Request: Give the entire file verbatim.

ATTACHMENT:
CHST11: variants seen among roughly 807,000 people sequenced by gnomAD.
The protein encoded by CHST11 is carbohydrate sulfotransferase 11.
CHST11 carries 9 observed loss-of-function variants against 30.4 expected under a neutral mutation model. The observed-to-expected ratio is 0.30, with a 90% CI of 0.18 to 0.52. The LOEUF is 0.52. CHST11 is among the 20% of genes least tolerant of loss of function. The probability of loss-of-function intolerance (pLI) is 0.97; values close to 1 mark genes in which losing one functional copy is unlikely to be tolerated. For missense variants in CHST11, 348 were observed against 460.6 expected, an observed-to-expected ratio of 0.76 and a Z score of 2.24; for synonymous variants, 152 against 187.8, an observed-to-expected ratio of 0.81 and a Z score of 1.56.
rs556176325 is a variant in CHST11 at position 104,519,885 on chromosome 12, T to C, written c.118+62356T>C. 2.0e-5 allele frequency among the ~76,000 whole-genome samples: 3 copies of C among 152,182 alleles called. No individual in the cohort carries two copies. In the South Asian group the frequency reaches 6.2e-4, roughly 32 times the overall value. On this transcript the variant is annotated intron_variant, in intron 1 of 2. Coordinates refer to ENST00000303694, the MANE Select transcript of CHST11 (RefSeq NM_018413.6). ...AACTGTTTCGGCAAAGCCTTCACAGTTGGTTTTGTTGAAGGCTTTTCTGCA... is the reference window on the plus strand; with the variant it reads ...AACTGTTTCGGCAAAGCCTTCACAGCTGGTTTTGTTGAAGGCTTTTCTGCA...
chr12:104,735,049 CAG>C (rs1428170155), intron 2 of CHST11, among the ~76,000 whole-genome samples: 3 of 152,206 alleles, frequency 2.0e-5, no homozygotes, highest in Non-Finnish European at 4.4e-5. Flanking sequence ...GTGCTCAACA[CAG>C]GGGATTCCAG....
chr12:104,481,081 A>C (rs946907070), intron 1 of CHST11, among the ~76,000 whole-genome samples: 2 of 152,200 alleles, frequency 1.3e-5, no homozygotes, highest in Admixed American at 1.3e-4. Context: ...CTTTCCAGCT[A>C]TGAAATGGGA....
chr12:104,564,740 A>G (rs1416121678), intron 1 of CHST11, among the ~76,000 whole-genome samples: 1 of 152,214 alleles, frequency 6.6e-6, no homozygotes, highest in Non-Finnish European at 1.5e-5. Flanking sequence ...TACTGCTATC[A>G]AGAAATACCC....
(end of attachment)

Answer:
CHST11: variants seen among roughly 807,000 people sequenced by gnomAD.
The protein encoded by CHST11 is carbohydrate sulfotransferase 11.
CHST11 carries 9 observed loss-of-function variants against 30.4 expected under a neutral mutation model. The observed-to-expected ratio is 0.30, with a 90% CI of 0.18 to 0.52. The LOEUF is 0.52. CHST11 is among the 20% of genes least tolerant of loss of function. The probability of loss-of-function intolerance (pLI) is 0.97; values close to 1 mark genes in which losing one functional copy is unlikely to be tolerated. For missense variants in CHST11, 348 were observed against 460.6 expected, an observed-to-expected ratio of 0.76 and a Z score of 2.24; for synonymous variants, 152 against 187.8, an observed-to-expected ratio of 0.81 and a Z score of 1.56.
rs556176325 is a variant in CHST11 at position 104,519,885 on chromosome 12, T to C, written c.118+62356T>C. 2.0e-5 allele frequency among the ~76,000 whole-genome samples: 3 copies of C among 152,182 alleles called. No individual in the cohort carries two copies. In the South Asian group the frequency reaches 6.2e-4, roughly 32 times the overall value. On this transcript the variant is annotated intron_variant, in intron 1 of 2. Coordinates refer to ENST00000303694, the MANE Select transcript of CHST11 (RefSeq NM_018413.6). ...AACTGTTTCGGCAAAGCCTTCACAGTTGGTTTTGTTGAAGGCTTTTCTGCA... is the reference window on the plus strand; with the variant it reads ...AACTGTTTCGGCAAAGCCTTCACAGCTGGTTTTGTTGAAGGCTTTTCTGCA...
chr12:104,735,049 CAG>C (rs1428170155), intron 2 of CHST11, among the ~76,000 whole-genome samples: 3 of 152,206 alleles, frequency 2.0e-5, no homozygotes, highest in Non-Finnish European at 4.4e-5. Flanking sequence ...GTGCTCAACA[CAG>C]GGGATTCCAG....
chr12:104,481,081 A>C (rs946907070), intron 1 of CHST11, among the ~76,000 whole-genome samples: 2 of 152,200 alleles, frequency 1.3e-5, no homozygotes, highest in Admixed American at 1.3e-4. Context: ...CTTTCCAGCT[A>C]TGAAATGGGA....
chr12:104,564,740 A>G (rs1416121678), intron 1 of CHST11, among the ~76,000 whole-genome samples: 1 of 152,214 alleles, frequency 6.6e-6, no homozygotes, highest in Non-Finnish European at 1.5e-5. Flanking sequence ...TACTGCTATC[A>G]AGAAATACCC....